EU Banking Regulators Define Crypto Shareholder Rules

Bart Millican August 22, 2023
EU Banking Regulators Define Crypto Shareholder Rules

EU watchdogs on Friday issued consultations on a range of issues set to be regulated by the bloc’s landmark new crypto law, MiCA.

The proposals cover curbs on ownership, governance and bonuses for crypto companies and their staff.

Crypto company shareholders with a more than 10% stake will be vetted for previous convictions or sanctions under bank-style rules proposed by EU regulators Friday.

The rules come as high-profile crypto industry executives including FTX’s Sam Bankman-Fried, Celsius’ Alex Mashinsky and Binance’s Changpeng “CZ” Zhao fight U.S. charges that they have misled or defrauded customers, or failed to comply with federal securities laws.

New European Union laws known as the Markets in Crypto Assets regulation, MiCA, due to take effect in December 2024, require prospective crypto license holders to show owners and executives have a good reputation. MiCA authorizations – which will allow crypto companies to operate across the 27-nation bloc – can be withdrawn if executives don’t meet the grade, added the consultation, which is open for comment until January.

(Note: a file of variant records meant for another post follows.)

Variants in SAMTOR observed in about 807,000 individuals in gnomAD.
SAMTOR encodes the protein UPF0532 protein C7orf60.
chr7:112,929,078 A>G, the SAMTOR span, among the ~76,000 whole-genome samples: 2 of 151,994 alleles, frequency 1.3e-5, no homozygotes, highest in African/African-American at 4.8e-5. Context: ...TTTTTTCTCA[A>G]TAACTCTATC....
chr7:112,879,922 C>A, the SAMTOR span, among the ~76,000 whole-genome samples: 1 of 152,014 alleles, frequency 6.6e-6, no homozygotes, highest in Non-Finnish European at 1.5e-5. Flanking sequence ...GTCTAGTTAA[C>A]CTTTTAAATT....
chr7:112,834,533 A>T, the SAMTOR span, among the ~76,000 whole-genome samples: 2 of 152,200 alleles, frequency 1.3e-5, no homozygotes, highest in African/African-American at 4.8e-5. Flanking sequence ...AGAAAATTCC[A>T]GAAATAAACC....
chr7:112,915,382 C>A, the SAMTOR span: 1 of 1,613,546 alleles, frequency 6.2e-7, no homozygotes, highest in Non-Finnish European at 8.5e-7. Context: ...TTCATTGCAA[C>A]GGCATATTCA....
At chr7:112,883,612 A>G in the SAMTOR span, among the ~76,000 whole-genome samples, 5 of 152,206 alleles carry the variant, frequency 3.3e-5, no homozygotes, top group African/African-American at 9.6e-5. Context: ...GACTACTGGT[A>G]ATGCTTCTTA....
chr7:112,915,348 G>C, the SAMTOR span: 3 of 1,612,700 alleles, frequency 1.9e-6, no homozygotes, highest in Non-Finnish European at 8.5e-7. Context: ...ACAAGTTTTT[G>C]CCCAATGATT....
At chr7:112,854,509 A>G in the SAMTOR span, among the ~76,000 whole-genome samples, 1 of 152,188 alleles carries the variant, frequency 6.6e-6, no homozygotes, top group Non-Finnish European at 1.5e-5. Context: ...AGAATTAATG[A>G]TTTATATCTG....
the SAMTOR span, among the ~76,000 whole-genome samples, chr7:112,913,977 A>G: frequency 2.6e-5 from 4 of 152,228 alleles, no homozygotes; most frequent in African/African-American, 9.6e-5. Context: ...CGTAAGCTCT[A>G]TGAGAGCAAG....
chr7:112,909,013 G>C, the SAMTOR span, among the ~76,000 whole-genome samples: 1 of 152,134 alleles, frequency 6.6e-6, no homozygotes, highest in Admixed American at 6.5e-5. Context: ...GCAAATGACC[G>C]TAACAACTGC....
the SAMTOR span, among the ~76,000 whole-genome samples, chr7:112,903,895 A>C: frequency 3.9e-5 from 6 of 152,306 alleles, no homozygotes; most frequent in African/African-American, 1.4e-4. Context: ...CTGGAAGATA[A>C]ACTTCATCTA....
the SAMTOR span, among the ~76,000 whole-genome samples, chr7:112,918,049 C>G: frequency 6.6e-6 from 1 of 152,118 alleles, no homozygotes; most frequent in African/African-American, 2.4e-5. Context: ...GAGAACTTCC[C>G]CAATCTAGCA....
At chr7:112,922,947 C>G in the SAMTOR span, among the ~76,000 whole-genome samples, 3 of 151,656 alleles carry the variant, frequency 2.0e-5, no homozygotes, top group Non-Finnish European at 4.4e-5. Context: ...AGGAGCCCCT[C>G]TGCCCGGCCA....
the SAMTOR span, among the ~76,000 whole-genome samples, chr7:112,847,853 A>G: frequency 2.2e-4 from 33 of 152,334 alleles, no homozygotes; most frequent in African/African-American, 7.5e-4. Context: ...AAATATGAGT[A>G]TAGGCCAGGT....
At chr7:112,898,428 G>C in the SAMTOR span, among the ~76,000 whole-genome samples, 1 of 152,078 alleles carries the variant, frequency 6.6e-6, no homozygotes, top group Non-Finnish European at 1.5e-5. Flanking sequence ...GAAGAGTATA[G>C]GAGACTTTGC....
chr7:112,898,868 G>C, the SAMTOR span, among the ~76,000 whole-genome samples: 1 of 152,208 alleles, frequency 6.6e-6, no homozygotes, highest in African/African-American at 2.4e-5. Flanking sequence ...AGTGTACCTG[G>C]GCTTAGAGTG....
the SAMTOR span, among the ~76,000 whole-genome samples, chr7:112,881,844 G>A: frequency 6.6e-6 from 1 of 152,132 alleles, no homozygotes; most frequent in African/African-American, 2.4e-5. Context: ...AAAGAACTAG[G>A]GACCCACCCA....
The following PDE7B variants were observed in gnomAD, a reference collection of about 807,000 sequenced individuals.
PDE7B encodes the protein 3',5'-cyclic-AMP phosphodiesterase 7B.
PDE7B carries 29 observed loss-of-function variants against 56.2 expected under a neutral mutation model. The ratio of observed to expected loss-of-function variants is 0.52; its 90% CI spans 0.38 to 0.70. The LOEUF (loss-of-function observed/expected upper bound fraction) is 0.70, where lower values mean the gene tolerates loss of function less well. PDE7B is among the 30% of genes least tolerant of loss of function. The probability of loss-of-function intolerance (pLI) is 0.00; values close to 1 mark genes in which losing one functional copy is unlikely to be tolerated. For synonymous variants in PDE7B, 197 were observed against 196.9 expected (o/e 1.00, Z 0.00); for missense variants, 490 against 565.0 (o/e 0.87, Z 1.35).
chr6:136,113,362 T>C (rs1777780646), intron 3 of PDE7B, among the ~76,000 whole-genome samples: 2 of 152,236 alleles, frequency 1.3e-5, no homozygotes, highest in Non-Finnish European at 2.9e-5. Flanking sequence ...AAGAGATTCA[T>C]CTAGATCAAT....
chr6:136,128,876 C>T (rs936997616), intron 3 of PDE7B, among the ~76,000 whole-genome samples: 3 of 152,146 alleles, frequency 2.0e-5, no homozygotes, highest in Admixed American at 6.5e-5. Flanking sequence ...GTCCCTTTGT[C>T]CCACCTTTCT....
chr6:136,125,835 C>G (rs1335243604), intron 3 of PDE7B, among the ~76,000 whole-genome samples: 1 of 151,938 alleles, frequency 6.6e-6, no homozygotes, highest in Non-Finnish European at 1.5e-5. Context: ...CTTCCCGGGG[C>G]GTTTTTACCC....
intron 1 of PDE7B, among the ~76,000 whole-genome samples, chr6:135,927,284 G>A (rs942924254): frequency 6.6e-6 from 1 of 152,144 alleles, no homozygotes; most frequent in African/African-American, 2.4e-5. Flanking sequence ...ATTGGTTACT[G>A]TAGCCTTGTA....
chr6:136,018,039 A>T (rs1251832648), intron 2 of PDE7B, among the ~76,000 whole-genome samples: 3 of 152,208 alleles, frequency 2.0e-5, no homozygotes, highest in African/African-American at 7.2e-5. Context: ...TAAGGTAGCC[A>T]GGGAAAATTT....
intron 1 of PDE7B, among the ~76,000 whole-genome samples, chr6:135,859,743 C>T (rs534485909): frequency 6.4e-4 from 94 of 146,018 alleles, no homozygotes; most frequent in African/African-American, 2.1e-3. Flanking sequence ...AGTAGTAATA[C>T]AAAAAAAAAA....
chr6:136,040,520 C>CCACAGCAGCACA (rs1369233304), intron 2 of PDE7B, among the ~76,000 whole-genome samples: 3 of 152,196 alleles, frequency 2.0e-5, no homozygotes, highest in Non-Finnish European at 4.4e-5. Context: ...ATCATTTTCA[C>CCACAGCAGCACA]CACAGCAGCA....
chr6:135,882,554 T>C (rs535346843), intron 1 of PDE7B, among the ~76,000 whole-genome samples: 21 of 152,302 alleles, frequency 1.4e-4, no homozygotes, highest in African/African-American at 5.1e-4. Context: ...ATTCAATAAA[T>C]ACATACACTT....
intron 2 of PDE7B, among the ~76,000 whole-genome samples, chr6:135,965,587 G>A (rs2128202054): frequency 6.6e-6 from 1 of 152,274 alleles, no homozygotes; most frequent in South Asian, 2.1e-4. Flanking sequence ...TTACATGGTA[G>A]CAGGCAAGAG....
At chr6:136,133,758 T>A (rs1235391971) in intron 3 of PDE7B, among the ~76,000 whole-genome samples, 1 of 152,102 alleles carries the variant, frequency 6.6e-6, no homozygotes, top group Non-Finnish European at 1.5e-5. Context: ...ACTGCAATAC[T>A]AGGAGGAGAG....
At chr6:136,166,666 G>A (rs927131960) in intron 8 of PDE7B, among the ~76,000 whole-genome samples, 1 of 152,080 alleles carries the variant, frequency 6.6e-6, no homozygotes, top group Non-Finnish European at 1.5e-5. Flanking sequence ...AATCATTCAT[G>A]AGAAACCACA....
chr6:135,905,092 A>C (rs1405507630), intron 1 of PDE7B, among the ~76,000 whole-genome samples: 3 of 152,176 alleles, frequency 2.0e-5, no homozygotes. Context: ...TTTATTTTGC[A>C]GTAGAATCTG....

Shareholders and board members of crypto asset service providers “must not have been convicted of offenses relating to money laundering or terrorist financing or of any other offenses that would affect their good repute,” a condition that has to be “maintained at all times,” said the EBA and ESMA, the EU rulemaking agencies responsible for banking and securities markets law.

In other parts of the financial sector, ownership curbs have been used to try and prevent former Italian Prime Minister Silvio Berlusconi from owning a major shareholding in a bank. Berlusconi, who died earlier this year, had previously been convicted of tax fraud.

Under the planned measures, companies issuing stablecoins – cryptocurrency tied to the value of other assets such as fiat – would also face limits on staff bonuses as regulators seek to imitate controversial banking-sector measures designed to curb excessive risk-taking.

Bart Millican